What about punishment? Well, we will not condone such extreme cases set by parents, one father in North Carolina taking a gun to his daughter’s laptop or a mother went so far as to think having her daughter shame herself publicly online would provide her a better understanding of how your virtual image can be affected online. Such approaches are definitely overkill.
An excellent article on McAfee’s Blog Central posted recently by Family Safety Evangelist Toni Birdsong entitled, What Should the Consequences Be for a Teens’ Digital Slip-Up?, might enlighten many of us.
She enumerated several outstanding points that parents must consider when their teens slip-up online.
Here are some of my favorites:
• Make sure they get the “why”. Discuss clearly the dangers related to the behavior and why it will not be tolerated. If the matter on hand is sexting, then clarify the personal risk of trusting another person and the legal risks of having or posting sexual pictures.
• Be consistent. If you decide on a three-week no-phone-use imposition, keep to that “sentence” even if it may be such a strain on you and your family’s digital habits. If you stick to the outcome, you gain to win the fight and curtail or control the behavior and send the message that the harsh application of the “law” can still happen in the future.
• Let them write it down. It may appear old school, but writing an essay in this world of impulsive clicking has worked wonders in our home. Parenting involves a lot of teachable moments, so utilize this chance to impart wisdom. Have your teen child compose an article on the risks involved in their behavior. Whether bullying, sexting, racism, suggestive texting, racism, cursing, or gossip — great lessons can be derived through studying and writing. Be aware that many tweens and teens are obviously naïve as to technology’s ability to cause harm and damage and that they simply still have many things to learn.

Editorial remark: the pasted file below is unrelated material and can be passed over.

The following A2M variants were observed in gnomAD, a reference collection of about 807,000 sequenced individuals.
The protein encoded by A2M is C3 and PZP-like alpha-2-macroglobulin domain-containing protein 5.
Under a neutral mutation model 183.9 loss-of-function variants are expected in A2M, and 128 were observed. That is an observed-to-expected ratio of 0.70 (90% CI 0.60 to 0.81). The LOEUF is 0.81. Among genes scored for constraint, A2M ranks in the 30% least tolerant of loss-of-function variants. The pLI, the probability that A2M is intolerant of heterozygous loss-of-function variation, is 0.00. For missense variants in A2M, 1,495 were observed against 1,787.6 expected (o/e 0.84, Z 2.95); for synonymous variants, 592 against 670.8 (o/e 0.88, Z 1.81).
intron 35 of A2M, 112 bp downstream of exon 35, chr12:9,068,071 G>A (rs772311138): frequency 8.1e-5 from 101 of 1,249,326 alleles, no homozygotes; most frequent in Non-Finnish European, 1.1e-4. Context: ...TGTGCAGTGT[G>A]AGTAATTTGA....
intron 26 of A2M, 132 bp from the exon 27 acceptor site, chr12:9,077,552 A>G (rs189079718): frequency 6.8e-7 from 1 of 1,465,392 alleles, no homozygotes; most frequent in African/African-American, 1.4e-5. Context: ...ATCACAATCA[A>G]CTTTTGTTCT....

The use of the Internet and cell phones comes as a privilege, not a right. Teenagers must understand that abusing the privilege will result in consequences. From the time they give their child any kind of device, parents have to make sure what the limits are and what the results of crossing them will be.
Communicating clearly is the parent’s best tool for educating children, in general, and it applies as well to digital parenting. Always strive to be consistent and firm; most of all, remain to be a parent first.
• Always begin digital parenting offline through face-to-face communication
• Be clear and firm on the expectations and the consequences from cyber abuses you have imposed for your teen’s behavior online
• Learn from cyber errors; find every opportunity for teachable digital moments
• Always discuss digital citizenship as often as possible, focusing on its importance